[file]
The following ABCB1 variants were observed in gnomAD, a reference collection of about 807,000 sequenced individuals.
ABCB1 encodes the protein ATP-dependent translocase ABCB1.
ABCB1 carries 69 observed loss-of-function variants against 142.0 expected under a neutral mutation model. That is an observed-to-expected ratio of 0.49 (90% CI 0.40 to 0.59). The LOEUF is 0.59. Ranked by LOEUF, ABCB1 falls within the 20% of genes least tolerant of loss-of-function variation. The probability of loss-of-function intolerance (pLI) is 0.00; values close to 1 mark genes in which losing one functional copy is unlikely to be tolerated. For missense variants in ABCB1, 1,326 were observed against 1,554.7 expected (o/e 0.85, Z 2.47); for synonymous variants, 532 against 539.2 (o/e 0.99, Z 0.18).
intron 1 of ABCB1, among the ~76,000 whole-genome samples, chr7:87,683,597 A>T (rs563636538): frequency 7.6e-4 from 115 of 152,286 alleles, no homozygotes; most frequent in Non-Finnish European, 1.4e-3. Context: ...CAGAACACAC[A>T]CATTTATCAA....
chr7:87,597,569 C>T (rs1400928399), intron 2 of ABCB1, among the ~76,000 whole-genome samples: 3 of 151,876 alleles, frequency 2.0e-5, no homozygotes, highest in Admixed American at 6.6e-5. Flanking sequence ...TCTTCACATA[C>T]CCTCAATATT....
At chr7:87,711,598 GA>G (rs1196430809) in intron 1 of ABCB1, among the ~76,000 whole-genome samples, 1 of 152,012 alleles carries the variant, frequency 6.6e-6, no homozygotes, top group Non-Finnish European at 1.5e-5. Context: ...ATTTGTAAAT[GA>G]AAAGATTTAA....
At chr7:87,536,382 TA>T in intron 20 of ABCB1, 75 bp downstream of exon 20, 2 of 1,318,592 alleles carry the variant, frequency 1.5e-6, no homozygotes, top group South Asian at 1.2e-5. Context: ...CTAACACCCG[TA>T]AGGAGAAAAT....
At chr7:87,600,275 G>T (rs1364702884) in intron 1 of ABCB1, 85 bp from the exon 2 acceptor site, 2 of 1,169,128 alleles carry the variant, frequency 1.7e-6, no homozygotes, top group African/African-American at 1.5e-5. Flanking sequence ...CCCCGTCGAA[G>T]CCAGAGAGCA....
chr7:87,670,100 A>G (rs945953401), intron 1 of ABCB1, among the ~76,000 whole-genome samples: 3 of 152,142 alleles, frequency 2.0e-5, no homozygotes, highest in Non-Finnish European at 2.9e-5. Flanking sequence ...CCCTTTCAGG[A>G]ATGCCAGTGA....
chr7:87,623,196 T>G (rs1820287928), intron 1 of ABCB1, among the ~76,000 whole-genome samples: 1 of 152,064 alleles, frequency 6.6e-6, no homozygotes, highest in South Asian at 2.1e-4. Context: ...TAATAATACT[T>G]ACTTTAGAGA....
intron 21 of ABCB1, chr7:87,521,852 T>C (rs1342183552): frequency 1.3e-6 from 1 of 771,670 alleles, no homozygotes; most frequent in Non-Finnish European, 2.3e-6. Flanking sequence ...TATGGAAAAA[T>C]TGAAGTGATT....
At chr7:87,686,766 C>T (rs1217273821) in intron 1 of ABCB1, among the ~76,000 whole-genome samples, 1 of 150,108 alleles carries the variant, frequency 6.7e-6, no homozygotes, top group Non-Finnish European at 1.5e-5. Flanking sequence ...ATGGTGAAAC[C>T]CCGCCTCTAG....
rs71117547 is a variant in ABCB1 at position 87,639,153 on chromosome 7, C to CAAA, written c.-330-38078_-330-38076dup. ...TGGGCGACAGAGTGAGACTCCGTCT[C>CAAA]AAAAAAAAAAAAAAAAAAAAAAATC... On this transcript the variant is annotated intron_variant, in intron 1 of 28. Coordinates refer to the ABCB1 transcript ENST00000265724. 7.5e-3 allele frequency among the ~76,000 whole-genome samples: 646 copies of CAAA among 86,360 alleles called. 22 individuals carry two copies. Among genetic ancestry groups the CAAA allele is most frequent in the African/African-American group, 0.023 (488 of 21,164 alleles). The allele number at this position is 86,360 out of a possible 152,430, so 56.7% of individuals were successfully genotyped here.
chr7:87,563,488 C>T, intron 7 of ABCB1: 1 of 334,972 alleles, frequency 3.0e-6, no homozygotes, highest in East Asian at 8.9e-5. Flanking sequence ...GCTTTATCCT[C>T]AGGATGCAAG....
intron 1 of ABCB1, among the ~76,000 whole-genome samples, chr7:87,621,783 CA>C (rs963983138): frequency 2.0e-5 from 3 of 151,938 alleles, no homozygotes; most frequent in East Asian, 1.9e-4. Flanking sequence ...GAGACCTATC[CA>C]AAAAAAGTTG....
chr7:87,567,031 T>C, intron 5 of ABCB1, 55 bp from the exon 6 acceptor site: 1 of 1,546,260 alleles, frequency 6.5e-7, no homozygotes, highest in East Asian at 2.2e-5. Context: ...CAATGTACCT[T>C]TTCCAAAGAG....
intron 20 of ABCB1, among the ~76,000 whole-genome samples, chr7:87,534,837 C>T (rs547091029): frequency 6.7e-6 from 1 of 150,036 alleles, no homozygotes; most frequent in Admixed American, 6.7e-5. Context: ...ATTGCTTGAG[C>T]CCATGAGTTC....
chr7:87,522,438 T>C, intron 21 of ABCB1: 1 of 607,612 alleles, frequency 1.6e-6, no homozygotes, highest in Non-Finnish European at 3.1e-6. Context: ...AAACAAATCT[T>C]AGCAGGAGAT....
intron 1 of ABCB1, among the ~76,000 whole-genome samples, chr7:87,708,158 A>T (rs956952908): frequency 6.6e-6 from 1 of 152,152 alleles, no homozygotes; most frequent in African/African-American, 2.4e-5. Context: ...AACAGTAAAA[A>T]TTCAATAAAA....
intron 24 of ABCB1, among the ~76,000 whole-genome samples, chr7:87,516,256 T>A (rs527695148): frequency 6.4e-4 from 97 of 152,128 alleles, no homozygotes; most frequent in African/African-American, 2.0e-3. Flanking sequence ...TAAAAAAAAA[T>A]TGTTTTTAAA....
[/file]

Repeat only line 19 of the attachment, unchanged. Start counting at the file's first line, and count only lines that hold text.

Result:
intron 1 of ABCB1, among the ~76,000 whole-genome samples, chr7:87,708,158 A>T (rs956952908): frequency 6.6e-6 from 1 of 152,152 alleles, no homozygotes; most frequent in African/African-American, 2.4e-5. Context: ...AACAGTAAAA[A>T]TTCAATAAAA....